What kind of behavior can class Organ provide? Class Organ should be provided with the most common behavior organs of a plant have. Organs grow or die, they actively interact with the surrounding environment. The role that organs play in collaborating with other organs or parts of the environment should be defined in class Organ in an abstract way. This behavior can be detailed or redefined by other classes inheriting from class Organ.

Furthermore, Figure 4-17 shows that both classes, MainStem and BranchStem, at the end of the hierarchy provide the same behavior (i.e., the ability to calculate potential and actual growth and abscission). Both classes inherit from class Stem, and Stem does not provide any behavior; it only adds two more attributes (length and number_leaves_on_stem) to the list of attributes defined at Organ class. Again, class MainStem inheriting from Stem is a kind of Stem. Stem does not provide any behavior nor does it inherit from Organ. Saying that a MainStem is a kind of Stem does not provide any information about what MainStem is or how it does behave.

In Figure 4-17, it is shown that MainStem and BranchStem are provided with behavior (operations actual_growth and potential_growth) that allows them to grow. A Stem is subject to potential and actual growth too; therefore, this behavior should be moved up to Stem level and each of the subclasses {MainStem and BranchStem) can provide polymorphic behavior for potential and actual growth, and abscission.

Abstract classes have a twofold role. The first role is a conceptual one; abstract classes can serve as modeling tools or specifications with the aim of identifying abstractions of the problem domain that will later be refined by concrete classes lower in the hierarchy. The second role is more of a utilitarian nature; abstract classes can serve as templates for improving reusability. The behavior defined at abstract classes will be implemented by concrete classes that subclass it [Tai96].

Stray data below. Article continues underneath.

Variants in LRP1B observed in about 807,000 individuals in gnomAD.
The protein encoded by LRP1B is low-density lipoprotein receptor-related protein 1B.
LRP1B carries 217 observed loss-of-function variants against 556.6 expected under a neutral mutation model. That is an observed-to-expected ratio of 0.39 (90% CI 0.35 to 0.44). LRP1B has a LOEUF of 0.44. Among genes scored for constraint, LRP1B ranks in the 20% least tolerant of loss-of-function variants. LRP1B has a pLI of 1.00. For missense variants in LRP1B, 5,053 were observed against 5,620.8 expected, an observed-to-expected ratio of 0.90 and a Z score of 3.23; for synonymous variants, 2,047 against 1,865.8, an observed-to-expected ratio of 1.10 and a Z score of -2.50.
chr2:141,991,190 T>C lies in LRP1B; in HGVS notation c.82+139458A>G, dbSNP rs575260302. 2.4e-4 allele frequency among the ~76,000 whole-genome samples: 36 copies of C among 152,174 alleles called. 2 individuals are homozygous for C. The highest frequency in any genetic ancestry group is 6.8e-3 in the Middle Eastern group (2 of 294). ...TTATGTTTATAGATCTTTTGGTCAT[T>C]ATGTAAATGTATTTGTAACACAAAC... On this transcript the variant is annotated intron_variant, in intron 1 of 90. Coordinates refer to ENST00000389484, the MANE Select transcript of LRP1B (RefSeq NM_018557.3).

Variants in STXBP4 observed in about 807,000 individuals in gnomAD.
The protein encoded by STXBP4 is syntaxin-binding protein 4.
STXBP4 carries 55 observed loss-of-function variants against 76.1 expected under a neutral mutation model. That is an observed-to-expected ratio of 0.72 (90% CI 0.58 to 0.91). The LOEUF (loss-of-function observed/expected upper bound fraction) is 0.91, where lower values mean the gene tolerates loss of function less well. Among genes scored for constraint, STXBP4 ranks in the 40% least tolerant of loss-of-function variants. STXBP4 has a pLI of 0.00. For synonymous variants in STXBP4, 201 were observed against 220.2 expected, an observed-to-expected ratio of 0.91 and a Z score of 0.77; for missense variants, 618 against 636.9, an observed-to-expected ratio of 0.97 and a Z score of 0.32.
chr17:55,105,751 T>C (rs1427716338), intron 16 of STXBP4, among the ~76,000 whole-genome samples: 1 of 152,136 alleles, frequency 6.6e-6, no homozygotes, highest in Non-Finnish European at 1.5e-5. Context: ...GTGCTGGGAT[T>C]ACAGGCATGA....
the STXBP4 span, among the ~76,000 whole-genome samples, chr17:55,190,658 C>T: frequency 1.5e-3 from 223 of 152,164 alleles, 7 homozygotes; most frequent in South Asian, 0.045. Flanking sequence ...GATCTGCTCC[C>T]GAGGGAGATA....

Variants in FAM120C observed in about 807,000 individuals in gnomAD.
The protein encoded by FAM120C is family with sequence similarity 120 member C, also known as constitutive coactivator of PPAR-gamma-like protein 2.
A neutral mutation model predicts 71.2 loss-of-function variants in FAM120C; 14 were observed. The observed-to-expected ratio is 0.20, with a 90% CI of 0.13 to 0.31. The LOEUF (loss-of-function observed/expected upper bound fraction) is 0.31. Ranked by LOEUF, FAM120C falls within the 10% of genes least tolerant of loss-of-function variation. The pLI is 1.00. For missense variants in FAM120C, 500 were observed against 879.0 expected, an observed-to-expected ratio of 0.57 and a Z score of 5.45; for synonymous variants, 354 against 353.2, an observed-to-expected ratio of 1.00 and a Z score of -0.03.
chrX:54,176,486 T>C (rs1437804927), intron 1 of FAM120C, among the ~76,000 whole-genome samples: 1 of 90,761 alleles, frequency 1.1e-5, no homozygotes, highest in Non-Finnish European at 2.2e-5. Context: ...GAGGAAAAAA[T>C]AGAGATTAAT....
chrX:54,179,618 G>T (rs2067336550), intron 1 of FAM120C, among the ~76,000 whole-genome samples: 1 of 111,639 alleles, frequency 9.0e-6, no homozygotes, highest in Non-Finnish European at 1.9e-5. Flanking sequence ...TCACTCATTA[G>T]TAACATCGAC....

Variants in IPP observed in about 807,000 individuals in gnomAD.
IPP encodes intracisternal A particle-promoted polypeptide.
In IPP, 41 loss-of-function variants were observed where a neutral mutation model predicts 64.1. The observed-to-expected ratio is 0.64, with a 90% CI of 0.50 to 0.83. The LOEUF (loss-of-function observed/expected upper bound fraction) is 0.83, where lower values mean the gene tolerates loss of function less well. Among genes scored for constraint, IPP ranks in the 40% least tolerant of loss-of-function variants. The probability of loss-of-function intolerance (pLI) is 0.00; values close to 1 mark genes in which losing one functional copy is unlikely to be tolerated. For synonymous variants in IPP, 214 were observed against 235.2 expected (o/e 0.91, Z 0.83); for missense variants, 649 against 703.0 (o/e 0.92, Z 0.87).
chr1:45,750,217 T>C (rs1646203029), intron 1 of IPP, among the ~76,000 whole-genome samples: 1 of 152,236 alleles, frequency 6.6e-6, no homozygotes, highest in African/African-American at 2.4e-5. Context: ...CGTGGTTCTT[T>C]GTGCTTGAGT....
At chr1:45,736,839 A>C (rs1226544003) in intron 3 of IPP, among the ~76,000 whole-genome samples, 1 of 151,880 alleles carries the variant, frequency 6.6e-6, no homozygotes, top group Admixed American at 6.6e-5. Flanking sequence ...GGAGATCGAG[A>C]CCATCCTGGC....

Abstract classes are a useful design technique that promotes code reuse. Depicting abstract classes in a problem domain is an iterative process that uses abstraction to find common functionalities in concrete classes and move it to a higher level in the hierarchy. The advantage of using abstract classes is that behavior common to many classes can be defined in only one place to be reused, modified, or improved later.

7. ABSTRACT CLASSES VERSUS INTERFACES

The concepts of abstract classes and interfaces are somewhat similar and one might be confused in deciding whether to use an interface or an abstract class. An abstract class defines a default behavior for some or all the operations that will be inherited by all the subclasses. The reuse of the behavior defined in an abstract class is realized through inheritance.

An interface does not define any default behavior at all. Interfaces only define specifications that will be implemented by classes realizing the interface. An interface may be implemented by many classes, and a class can implement many interfaces.

8. REALIZATION

A realization is a semantic relationship between classifiers in which one classifier specifies a contract that another classifier guarantees to carry out [BRJ99]. The most common use of the realization is between interfaces and the classifiers that agree to implement the interfaces. Figure 4-22 shows examples of realizations.

Figure 4-22. Examples of realizations.

Figure 4-22. Examples of realizations.

As shown in Figure 4-22, a realization is an agreement between a class and an interface. The interface defines the functionalities that the class should provide the implementation. The realization is presented by the line that connects the interface and the class. In the same way, a realization connects an interface that defines functionalities and the subsystem that would provide the implementation. Figure 4-23 shows another type of notation for realization.

Figure 4-23. Another notation for realization.

Figure 4-23. Another notation for realization.